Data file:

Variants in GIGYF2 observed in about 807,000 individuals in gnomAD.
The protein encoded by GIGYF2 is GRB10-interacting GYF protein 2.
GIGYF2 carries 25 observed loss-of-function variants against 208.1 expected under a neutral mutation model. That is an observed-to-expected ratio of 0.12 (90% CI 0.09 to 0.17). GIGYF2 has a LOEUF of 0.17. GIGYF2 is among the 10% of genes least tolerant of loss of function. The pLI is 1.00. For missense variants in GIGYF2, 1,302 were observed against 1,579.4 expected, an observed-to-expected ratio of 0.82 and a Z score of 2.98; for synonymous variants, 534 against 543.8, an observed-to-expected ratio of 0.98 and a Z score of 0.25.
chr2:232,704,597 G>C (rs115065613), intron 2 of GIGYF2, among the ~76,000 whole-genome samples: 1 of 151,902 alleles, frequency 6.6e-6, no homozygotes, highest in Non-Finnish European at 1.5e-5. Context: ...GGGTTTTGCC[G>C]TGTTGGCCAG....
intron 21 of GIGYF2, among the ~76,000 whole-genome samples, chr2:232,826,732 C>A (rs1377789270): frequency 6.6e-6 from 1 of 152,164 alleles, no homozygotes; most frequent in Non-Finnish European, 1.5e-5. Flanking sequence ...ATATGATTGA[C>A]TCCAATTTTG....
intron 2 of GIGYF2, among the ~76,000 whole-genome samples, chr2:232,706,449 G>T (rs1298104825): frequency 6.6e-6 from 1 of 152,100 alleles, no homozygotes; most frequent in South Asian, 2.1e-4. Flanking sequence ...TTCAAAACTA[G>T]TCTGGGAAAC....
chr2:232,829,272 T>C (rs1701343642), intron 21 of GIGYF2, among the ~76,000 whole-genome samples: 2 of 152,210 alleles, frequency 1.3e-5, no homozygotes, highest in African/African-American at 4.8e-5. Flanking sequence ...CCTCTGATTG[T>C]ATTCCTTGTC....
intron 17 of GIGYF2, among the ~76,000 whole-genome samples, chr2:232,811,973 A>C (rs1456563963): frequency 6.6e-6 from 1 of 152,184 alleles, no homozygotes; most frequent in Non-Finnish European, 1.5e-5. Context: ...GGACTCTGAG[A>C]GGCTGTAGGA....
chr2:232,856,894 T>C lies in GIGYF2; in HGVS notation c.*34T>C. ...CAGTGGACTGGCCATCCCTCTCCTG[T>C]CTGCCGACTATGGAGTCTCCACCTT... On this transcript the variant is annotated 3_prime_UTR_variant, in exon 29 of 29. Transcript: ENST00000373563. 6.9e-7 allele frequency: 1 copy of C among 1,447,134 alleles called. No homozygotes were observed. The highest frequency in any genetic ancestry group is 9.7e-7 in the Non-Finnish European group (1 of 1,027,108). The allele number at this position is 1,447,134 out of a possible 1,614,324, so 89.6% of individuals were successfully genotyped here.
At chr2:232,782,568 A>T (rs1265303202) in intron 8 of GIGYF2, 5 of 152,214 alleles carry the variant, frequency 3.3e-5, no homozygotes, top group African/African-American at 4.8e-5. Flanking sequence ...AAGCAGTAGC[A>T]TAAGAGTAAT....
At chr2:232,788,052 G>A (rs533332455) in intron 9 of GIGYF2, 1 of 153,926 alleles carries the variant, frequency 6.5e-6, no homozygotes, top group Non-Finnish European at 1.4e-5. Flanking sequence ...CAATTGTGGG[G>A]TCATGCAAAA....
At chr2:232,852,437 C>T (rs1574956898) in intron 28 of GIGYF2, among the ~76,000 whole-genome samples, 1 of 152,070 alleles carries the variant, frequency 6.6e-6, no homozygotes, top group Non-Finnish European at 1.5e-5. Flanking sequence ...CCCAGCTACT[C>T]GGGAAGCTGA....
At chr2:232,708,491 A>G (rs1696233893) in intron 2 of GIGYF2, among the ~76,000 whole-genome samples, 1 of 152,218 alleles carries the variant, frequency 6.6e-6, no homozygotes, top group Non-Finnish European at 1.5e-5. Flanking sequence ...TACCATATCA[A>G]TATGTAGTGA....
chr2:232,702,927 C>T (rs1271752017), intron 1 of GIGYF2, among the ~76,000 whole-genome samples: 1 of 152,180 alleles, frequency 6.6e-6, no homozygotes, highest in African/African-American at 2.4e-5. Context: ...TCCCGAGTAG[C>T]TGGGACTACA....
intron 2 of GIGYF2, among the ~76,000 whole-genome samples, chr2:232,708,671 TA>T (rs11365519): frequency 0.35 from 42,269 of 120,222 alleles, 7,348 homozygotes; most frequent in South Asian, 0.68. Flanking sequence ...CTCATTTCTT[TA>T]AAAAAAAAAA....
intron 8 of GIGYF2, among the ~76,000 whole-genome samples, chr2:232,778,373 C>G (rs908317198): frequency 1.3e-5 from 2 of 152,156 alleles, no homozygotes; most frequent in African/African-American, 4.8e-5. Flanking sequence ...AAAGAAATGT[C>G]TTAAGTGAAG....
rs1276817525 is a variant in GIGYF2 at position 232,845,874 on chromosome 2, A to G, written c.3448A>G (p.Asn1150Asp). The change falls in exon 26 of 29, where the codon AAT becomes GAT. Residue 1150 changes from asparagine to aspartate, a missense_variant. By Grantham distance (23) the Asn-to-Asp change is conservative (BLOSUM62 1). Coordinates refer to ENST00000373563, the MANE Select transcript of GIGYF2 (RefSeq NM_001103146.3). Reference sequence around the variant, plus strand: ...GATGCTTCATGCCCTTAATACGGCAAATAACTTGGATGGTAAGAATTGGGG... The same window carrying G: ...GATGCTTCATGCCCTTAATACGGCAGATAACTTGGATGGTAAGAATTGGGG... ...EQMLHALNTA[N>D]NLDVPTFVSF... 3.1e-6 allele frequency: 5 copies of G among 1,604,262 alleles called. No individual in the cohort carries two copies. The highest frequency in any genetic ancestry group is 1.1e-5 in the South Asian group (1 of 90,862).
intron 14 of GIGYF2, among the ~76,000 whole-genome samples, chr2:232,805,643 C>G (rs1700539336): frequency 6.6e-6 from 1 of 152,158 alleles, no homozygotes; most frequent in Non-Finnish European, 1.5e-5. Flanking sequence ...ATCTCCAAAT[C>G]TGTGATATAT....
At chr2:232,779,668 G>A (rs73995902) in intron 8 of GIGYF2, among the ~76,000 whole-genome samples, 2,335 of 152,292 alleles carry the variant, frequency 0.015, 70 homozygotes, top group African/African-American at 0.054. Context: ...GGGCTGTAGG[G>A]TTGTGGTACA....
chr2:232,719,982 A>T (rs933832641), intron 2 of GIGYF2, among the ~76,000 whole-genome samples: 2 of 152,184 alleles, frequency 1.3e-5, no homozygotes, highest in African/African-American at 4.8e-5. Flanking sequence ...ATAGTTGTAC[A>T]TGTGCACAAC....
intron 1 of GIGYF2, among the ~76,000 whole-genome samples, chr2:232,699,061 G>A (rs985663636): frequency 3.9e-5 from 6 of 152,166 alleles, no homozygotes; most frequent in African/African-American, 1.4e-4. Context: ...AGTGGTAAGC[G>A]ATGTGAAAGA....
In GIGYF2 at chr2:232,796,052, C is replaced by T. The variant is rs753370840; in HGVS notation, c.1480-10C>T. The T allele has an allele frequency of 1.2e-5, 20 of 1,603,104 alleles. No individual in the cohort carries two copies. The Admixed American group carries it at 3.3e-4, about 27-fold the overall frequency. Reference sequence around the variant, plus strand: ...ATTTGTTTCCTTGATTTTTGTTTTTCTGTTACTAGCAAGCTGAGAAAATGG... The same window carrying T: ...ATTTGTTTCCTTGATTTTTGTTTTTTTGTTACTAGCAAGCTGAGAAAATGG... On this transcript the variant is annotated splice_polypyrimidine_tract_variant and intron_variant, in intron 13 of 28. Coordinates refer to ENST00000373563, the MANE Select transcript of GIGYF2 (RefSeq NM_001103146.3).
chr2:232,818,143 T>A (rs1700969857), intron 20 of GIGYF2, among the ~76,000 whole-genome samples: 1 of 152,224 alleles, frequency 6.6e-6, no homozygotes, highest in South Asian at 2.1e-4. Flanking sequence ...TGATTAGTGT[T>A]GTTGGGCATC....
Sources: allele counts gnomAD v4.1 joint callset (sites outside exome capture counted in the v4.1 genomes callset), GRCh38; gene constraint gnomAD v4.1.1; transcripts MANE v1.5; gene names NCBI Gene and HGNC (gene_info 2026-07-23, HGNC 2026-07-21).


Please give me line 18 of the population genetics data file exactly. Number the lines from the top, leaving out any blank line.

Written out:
intron 14 of GIGYF2, among the ~76,000 whole-genome samples, chr2:232,805,643 C>G (rs1700539336): frequency 6.6e-6 from 1 of 152,158 alleles, no homozygotes; most frequent in Non-Finnish European, 1.5e-5. Flanking sequence ...ATCTCCAAAT[C>G]TGTGATATAT....